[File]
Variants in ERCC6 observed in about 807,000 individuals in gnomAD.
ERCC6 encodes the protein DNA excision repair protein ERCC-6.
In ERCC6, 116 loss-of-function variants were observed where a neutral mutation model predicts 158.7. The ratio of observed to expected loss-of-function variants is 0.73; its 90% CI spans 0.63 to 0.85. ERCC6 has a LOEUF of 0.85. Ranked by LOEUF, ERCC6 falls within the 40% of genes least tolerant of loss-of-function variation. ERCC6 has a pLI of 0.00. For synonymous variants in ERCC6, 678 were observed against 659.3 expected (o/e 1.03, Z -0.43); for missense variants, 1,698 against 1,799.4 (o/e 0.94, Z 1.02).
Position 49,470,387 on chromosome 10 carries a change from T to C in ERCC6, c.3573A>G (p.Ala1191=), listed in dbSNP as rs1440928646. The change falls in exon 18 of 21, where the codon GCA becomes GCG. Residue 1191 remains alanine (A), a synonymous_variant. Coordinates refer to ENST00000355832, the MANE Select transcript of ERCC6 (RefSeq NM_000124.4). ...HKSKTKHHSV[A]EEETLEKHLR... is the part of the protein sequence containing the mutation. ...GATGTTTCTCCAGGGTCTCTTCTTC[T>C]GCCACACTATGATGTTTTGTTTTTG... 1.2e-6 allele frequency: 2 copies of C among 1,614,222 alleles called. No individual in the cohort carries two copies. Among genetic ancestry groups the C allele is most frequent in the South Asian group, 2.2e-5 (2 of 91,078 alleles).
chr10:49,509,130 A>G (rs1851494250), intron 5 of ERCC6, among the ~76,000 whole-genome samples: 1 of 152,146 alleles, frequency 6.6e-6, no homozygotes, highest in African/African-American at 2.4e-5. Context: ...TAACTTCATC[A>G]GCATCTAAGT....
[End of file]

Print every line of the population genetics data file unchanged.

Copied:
Variants in ERCC6 observed in about 807,000 individuals in gnomAD.
ERCC6 encodes the protein DNA excision repair protein ERCC-6.
In ERCC6, 116 loss-of-function variants were observed where a neutral mutation model predicts 158.7. The ratio of observed to expected loss-of-function variants is 0.73; its 90% CI spans 0.63 to 0.85. ERCC6 has a LOEUF of 0.85. Ranked by LOEUF, ERCC6 falls within the 40% of genes least tolerant of loss-of-function variation. ERCC6 has a pLI of 0.00. For synonymous variants in ERCC6, 678 were observed against 659.3 expected (o/e 1.03, Z -0.43); for missense variants, 1,698 against 1,799.4 (o/e 0.94, Z 1.02).
Position 49,470,387 on chromosome 10 carries a change from T to C in ERCC6, c.3573A>G (p.Ala1191=), listed in dbSNP as rs1440928646. The change falls in exon 18 of 21, where the codon GCA becomes GCG. Residue 1191 remains alanine (A), a synonymous_variant. Coordinates refer to ENST00000355832, the MANE Select transcript of ERCC6 (RefSeq NM_000124.4). ...HKSKTKHHSV[A]EEETLEKHLR... is the part of the protein sequence containing the mutation. ...GATGTTTCTCCAGGGTCTCTTCTTC[T>C]GCCACACTATGATGTTTTGTTTTTG... 1.2e-6 allele frequency: 2 copies of C among 1,614,222 alleles called. No individual in the cohort carries two copies. Among genetic ancestry groups the C allele is most frequent in the South Asian group, 2.2e-5 (2 of 91,078 alleles).
chr10:49,509,130 A>G (rs1851494250), intron 5 of ERCC6, among the ~76,000 whole-genome samples: 1 of 152,146 alleles, frequency 6.6e-6, no homozygotes, highest in African/African-American at 2.4e-5. Context: ...TAACTTCATC[A>G]GCATCTAAGT....